THE WILD SWANS 145
heart, and caused the marriage feast to be announced by all the church bells. The beautiful dumb girl out of the wood became the Queen of the country.
Then the archbishop whispered evil words into the King's car, but they did not sink into the King's heart. The marriage was to take place ; the archbishop himself was obliged to place the crown on her head, and with wicked spite he pressed the narrow circlet so tightly upon her brow that it pained her. But a heavier ring lay close around her heart—sorrow for her brothers ; she did not feel the bodily pain. Her mouth was dumb, for a single word would cost her brothers their lives, but her eyes glowed with love for the kind, handsome King, who did everything to rejoice her. She loved him with her whole heart, more and more every day. Oh that she had been able to confide in him and to tell him of her grief ! But she was compelled to be dumb, and to finish her work in silence. Therefore at night she crept away from his side, and went quietly into the little chamber which was decorated like the cave, and wove one shirt of mail after another. But when she began the seventh she had no flax left.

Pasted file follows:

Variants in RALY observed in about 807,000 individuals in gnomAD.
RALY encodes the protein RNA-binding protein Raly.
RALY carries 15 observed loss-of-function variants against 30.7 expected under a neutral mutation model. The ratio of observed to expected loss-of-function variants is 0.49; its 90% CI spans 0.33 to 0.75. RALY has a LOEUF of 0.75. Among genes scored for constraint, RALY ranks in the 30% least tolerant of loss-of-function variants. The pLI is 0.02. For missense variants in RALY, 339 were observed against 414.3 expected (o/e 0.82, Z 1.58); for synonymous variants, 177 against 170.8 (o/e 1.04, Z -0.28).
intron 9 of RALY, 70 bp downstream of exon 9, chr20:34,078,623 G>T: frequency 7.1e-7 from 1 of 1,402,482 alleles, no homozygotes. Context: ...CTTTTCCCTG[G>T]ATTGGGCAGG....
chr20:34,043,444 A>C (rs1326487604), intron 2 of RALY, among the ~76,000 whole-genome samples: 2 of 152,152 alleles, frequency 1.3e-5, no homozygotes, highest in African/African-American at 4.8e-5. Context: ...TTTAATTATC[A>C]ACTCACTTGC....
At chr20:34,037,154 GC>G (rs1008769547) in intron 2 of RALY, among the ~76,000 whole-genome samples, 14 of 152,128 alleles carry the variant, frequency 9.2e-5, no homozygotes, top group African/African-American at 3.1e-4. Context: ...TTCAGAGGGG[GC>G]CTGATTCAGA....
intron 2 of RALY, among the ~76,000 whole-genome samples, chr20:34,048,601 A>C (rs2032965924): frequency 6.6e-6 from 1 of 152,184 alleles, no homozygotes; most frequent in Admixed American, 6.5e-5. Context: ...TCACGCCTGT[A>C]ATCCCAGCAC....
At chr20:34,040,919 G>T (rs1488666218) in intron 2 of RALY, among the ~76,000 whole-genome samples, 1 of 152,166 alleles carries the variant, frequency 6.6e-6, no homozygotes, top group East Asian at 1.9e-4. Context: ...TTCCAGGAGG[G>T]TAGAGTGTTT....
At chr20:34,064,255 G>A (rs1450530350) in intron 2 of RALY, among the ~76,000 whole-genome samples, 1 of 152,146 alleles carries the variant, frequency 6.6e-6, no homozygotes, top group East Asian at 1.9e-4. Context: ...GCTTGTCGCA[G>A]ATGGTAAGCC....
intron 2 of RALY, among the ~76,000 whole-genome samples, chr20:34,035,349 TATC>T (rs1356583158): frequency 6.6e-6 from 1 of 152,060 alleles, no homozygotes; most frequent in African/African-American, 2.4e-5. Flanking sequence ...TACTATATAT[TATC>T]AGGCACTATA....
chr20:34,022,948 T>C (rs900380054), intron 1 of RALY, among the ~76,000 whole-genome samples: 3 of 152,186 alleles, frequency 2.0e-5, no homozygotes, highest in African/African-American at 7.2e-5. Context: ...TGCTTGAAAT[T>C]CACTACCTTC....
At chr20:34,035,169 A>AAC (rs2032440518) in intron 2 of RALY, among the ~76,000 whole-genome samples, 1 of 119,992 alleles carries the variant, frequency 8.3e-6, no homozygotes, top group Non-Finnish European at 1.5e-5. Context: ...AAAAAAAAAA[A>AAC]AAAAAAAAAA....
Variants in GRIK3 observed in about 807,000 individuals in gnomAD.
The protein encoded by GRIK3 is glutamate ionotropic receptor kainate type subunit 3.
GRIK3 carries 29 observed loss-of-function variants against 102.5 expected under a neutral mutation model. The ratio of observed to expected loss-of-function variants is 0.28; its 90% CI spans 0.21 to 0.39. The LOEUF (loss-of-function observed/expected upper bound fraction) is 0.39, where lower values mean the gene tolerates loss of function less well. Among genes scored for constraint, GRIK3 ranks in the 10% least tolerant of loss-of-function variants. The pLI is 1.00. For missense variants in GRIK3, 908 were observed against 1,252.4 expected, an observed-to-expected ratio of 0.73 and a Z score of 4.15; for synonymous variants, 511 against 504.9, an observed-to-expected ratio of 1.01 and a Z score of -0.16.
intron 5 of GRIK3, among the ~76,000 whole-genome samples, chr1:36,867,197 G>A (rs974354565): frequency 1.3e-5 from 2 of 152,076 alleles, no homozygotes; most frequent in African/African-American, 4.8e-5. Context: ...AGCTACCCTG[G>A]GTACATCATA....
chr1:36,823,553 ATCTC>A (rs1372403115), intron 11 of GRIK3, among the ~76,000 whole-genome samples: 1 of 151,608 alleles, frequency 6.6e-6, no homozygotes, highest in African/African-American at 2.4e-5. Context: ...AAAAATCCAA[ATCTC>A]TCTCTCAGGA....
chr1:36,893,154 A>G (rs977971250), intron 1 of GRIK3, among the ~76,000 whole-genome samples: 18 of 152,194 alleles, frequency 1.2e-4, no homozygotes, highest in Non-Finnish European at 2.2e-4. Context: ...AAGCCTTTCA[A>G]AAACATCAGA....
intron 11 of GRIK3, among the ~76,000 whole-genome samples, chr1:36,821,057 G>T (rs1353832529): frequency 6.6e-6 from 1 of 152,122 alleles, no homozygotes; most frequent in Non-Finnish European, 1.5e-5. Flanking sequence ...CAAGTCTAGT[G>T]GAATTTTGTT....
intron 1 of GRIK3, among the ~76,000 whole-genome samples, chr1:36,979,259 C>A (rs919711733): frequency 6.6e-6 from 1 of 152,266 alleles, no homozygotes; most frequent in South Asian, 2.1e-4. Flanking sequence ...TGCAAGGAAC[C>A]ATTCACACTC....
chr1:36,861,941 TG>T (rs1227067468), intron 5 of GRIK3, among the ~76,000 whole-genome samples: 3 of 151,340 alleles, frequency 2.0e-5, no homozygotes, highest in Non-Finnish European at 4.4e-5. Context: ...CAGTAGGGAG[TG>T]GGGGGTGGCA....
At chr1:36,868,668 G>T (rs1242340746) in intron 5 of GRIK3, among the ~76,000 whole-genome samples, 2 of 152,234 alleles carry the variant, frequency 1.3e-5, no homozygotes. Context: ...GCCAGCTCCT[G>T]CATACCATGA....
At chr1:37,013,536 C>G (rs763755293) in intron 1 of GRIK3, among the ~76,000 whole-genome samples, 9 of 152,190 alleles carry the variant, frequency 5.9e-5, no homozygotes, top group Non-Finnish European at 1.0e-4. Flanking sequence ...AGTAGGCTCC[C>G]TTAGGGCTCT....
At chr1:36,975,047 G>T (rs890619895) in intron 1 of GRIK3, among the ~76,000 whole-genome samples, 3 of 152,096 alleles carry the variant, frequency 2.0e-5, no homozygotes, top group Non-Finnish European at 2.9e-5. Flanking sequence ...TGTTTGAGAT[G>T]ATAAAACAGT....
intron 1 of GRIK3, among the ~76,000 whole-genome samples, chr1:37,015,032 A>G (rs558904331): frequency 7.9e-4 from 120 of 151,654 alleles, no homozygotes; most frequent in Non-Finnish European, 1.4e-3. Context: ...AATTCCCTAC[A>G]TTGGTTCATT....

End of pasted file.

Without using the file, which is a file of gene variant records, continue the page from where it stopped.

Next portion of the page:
She knew that in the churchyard nettles were growing that she could use ; but she must pluck them herself, and how was she to go out there ?
' Oh, what is the pain in my fingers to the torment my heart endures ? ' thought she. ' I must venture it, and help will not be denied me ! '
With a trembling heart, as though the deed she purposed doing had been evil, she crept into the garden in the moonlight night, and went through the long avenues and through the deserted streets to the churchyard. There, on one of the broadest tombstones, she saw sitting a circle of lamias. These hideous wretches took off their ragged garments, as if they were going to bathe ; then with their skinny fingers they clawed open the fresh graves, and with fiendish greed they snatched up the corpses and ate the flesh. Eliza was obliged to pass close by them, and they fastened their evil glances upon her ; but she prayed silently, and collected the burning nettles, and carried them into the castle.
Only one person had seen her, and that was the arch-